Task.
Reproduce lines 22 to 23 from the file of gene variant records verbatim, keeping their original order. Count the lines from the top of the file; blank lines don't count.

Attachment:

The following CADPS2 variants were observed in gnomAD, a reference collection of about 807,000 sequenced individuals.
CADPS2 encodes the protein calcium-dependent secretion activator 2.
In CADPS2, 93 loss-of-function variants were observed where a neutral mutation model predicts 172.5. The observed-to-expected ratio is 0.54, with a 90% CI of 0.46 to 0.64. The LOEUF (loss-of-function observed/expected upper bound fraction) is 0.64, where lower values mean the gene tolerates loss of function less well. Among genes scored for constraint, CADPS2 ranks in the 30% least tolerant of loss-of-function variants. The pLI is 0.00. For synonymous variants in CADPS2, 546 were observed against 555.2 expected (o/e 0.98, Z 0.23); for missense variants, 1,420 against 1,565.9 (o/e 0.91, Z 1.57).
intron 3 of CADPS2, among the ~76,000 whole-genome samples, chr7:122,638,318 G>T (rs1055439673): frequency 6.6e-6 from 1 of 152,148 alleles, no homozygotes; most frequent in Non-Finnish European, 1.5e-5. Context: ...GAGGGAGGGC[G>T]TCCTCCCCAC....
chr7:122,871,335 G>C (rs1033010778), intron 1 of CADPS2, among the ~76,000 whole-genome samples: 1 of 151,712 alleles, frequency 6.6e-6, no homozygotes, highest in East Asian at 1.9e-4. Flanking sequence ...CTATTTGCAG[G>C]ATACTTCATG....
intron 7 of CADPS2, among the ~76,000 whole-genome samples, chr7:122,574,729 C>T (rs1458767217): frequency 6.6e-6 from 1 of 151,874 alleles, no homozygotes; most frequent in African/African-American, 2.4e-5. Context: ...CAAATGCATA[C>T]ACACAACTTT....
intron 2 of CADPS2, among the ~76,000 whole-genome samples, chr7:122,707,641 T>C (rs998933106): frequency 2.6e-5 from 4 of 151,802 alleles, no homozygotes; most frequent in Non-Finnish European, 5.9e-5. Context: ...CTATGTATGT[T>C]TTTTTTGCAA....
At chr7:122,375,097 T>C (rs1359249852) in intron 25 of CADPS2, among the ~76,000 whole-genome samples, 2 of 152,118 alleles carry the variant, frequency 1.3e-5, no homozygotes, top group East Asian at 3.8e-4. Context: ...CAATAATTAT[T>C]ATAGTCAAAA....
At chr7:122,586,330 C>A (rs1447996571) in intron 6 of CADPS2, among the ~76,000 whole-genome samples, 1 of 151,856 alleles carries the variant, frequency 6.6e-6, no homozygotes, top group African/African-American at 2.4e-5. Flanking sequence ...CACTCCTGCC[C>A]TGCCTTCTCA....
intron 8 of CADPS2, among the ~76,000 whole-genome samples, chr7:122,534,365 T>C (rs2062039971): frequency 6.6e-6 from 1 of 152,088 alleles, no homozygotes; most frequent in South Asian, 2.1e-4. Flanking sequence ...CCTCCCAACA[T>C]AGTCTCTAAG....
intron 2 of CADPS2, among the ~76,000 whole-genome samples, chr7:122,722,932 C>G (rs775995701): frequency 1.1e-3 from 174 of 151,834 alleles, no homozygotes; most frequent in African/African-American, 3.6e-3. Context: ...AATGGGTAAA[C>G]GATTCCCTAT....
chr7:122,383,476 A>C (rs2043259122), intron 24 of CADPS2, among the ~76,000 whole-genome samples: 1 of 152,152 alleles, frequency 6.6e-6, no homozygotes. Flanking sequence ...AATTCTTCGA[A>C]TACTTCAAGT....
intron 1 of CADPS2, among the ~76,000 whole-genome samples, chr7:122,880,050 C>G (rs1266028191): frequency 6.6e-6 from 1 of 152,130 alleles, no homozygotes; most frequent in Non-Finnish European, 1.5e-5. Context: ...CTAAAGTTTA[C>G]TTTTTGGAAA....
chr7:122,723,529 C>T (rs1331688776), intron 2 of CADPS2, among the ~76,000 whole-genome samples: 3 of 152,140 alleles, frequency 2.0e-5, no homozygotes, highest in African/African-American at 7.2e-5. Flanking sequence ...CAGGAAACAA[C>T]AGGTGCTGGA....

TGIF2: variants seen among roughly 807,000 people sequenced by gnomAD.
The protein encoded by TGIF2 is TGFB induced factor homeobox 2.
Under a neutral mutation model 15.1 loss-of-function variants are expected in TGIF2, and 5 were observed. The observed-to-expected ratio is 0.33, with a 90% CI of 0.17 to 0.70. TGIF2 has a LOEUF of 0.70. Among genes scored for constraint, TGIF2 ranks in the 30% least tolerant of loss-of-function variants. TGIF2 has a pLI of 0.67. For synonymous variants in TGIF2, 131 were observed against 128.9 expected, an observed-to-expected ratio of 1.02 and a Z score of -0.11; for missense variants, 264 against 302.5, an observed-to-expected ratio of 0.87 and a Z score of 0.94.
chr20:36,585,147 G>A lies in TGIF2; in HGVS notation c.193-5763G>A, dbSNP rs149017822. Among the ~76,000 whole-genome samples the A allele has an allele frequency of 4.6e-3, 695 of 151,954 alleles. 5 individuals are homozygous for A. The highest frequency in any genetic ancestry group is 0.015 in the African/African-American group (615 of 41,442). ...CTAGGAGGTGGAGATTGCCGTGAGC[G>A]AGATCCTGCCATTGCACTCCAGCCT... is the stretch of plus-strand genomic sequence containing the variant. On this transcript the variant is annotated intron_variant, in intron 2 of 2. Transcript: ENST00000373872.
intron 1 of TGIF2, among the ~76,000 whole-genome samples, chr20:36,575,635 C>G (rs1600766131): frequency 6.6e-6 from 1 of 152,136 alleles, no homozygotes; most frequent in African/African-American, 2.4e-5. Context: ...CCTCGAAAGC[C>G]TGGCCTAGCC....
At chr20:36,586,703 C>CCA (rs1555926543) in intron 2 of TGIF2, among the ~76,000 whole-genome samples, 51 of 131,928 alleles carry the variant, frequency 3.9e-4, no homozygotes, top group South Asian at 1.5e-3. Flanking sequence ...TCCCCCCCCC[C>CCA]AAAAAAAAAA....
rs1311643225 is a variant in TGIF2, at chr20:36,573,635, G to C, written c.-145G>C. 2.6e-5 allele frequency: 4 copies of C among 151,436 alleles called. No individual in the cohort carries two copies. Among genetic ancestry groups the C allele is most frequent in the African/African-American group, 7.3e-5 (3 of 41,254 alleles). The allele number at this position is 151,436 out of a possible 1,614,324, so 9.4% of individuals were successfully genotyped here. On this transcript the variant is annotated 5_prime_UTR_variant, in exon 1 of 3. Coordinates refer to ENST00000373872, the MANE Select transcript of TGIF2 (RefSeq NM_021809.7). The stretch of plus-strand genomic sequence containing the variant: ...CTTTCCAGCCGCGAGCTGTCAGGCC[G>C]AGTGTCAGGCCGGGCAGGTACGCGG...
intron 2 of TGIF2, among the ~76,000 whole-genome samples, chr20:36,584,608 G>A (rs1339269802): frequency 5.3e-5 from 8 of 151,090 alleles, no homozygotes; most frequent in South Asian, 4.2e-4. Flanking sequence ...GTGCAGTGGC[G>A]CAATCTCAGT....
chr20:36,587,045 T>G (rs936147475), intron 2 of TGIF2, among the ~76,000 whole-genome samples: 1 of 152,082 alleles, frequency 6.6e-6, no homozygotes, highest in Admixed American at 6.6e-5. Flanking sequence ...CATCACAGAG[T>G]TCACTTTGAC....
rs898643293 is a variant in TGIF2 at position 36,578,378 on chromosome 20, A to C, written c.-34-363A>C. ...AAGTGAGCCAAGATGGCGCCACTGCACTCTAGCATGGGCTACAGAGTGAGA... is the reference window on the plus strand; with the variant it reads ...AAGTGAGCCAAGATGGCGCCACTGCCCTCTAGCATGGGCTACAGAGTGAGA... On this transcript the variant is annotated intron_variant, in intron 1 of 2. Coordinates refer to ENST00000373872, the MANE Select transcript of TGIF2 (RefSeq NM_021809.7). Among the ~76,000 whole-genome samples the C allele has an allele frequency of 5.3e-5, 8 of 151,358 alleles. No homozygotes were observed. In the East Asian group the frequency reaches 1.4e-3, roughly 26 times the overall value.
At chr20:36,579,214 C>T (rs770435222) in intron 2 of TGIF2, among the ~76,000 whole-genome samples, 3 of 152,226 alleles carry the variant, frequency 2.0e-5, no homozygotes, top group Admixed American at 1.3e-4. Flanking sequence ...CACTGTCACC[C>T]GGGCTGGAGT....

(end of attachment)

intron 2 of TGIF2, among the ~76,000 whole-genome samples, chr20:36,584,608 G>A (rs1339269802): frequency 5.3e-5 from 8 of 151,090 alleles, no homozygotes; most frequent in South Asian, 4.2e-4. Flanking sequence ...GTGCAGTGGC[G>A]CAATCTCAGT....
chr20:36,587,045 T>G (rs936147475), intron 2 of TGIF2, among the ~76,000 whole-genome samples: 1 of 152,082 alleles, frequency 6.6e-6, no homozygotes, highest in Admixed American at 6.6e-5. Flanking sequence ...CATCACAGAG[T>G]TCACTTTGAC....